The sale of the Washington Post is big news in the media world. The acquisition of the paper by Amazon founder Jeff Bezos could have an impact on its political orientation as well as the way it reports the news, but that is something we’ll learn more about in the months to come as the purchase is finalized and the new owner installs a new management team or keeps the existing crew in place. But the main conclusion we can draw from the coverage of this event has less to do with the decline in readership that made the sale necessary than with the self-infatuation of the staff of this once-iconic daily.

Our John Podhoretz summed up the situation nicely when he noted today in the New York Post that the shift in ownership showed how the mighty are fallen. The Washington Post once lorded it over the media world of the capital with a sneering liberal prejudice that was emblematic of the bias that characterized the mainstream press of the pre-Internet era. But like every other daily that stopped being a cash cow when classified and other forms of print advertising began to dry up, the Post is just another remnant of what Rush Limbaugh aptly termed the “dead tree” media. Yet instead of soul searching about how such publications must change or die, what we have gotten instead today is a non-stop orgy of praise for a paper and a management team that have obviously failed to keep up with a changing environment. While we don’t doubt that publisher Donald Graham has his fans, the notion that he is the second coming of Sister Teresa—the official story we’ve been getting from the Post’s editors and columnists as they troop to MSNBC to sing his praises—is a bit much to take. Even more egregious was Post superstar Bob Woodward who sought to console his fellow staffers by saying that Bezos wasn’t another Rupert Murdoch. The Post should be so lucky.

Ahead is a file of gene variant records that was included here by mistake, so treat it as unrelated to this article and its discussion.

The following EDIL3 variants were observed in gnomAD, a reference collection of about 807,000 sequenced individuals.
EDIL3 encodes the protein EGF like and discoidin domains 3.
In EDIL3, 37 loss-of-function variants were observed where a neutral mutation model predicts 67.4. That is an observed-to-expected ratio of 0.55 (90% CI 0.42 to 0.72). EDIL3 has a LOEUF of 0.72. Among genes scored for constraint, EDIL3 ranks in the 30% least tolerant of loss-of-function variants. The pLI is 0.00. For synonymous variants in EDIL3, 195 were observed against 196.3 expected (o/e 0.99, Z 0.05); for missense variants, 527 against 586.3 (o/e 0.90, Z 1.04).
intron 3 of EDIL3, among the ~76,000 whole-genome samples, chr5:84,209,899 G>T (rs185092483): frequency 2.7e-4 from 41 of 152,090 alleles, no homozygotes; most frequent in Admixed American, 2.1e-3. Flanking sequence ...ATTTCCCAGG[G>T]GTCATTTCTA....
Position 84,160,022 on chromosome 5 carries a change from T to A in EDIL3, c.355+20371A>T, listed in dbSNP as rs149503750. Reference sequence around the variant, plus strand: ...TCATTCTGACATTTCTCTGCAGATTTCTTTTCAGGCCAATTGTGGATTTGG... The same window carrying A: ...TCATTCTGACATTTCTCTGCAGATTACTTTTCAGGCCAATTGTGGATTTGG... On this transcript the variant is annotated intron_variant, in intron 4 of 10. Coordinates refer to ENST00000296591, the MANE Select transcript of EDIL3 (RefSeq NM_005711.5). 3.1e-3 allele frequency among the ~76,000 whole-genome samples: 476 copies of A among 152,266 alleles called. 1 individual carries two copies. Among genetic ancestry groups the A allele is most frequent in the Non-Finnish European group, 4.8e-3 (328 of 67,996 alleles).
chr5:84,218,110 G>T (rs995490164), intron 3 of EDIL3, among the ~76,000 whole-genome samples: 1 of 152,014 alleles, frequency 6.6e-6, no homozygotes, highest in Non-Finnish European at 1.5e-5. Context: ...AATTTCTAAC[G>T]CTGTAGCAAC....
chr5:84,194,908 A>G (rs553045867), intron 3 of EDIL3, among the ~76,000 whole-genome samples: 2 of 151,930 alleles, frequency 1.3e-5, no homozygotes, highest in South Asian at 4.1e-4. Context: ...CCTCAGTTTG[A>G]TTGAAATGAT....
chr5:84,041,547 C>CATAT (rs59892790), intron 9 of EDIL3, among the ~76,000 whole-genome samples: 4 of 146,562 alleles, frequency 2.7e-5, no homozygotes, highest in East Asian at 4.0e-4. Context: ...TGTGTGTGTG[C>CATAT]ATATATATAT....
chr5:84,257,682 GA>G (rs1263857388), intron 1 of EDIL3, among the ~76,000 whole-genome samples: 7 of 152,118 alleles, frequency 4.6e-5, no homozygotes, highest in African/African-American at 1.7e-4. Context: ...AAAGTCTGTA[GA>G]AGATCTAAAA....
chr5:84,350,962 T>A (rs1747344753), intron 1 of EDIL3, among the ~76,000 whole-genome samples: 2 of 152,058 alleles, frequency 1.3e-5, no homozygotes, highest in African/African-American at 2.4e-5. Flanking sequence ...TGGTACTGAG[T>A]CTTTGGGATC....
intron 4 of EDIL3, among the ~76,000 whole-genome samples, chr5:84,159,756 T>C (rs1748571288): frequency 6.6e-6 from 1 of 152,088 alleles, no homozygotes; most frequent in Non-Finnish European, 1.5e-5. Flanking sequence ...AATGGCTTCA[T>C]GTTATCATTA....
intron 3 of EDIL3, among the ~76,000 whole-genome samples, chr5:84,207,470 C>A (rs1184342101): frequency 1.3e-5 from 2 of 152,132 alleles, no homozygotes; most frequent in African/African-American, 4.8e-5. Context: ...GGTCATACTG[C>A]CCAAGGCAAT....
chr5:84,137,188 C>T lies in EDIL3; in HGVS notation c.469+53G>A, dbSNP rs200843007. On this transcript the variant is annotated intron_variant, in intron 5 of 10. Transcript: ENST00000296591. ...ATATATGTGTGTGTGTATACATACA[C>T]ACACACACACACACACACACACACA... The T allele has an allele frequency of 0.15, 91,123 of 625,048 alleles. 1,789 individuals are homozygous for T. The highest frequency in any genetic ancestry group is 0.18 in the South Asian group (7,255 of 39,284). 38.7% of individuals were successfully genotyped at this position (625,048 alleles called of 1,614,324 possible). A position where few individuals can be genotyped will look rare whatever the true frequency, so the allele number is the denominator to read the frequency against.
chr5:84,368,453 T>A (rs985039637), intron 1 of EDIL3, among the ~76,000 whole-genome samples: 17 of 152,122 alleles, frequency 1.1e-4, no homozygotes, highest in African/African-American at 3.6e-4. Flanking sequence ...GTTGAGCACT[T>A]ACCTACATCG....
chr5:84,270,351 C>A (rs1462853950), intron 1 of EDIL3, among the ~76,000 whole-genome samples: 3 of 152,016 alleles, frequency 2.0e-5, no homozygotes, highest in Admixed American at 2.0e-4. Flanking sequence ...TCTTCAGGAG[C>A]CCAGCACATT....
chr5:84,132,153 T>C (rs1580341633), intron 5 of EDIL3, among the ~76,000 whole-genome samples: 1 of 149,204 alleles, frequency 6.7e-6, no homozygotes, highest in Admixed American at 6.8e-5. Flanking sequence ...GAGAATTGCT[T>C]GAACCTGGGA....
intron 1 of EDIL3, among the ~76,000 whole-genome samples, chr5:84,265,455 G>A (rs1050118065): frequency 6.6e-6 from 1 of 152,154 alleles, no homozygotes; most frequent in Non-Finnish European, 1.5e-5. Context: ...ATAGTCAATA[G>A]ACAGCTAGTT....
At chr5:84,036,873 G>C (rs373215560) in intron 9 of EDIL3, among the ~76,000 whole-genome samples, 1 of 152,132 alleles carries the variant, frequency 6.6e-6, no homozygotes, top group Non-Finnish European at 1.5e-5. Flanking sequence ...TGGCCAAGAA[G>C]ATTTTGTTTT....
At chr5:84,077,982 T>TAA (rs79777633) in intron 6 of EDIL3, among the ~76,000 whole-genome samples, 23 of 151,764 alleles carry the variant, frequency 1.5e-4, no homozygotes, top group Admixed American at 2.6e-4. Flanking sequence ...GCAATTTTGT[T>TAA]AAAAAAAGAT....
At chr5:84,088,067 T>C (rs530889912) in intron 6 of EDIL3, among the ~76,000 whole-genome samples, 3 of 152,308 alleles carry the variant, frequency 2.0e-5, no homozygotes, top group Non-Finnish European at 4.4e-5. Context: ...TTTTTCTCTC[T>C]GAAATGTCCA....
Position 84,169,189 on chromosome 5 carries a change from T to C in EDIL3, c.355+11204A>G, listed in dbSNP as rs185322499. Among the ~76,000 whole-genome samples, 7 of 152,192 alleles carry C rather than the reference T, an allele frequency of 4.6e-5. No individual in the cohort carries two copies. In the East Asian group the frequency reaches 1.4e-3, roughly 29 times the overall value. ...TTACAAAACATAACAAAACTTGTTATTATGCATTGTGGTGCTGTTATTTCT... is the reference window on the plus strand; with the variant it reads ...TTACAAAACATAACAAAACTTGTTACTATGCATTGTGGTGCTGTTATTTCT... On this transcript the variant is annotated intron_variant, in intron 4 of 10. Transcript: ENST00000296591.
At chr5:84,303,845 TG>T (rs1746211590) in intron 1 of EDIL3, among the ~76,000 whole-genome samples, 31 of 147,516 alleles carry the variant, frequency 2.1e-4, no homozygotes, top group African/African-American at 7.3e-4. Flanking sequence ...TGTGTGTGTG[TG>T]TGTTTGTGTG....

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The sale of the Washington Post is big news in the media world. The acquisition of the paper by Amazon founder Jeff Bezos could have an impact on its political orientation as well as the way it reports the news, but that is something we’ll learn more about in the months to come as the purchase is finalized and the new owner installs a new management team or keeps the existing crew in place. But the main conclusion we can draw from the coverage of this event has less to do with the decline in readership that made the sale necessary than with the self-infatuation of the staff of this once-iconic daily.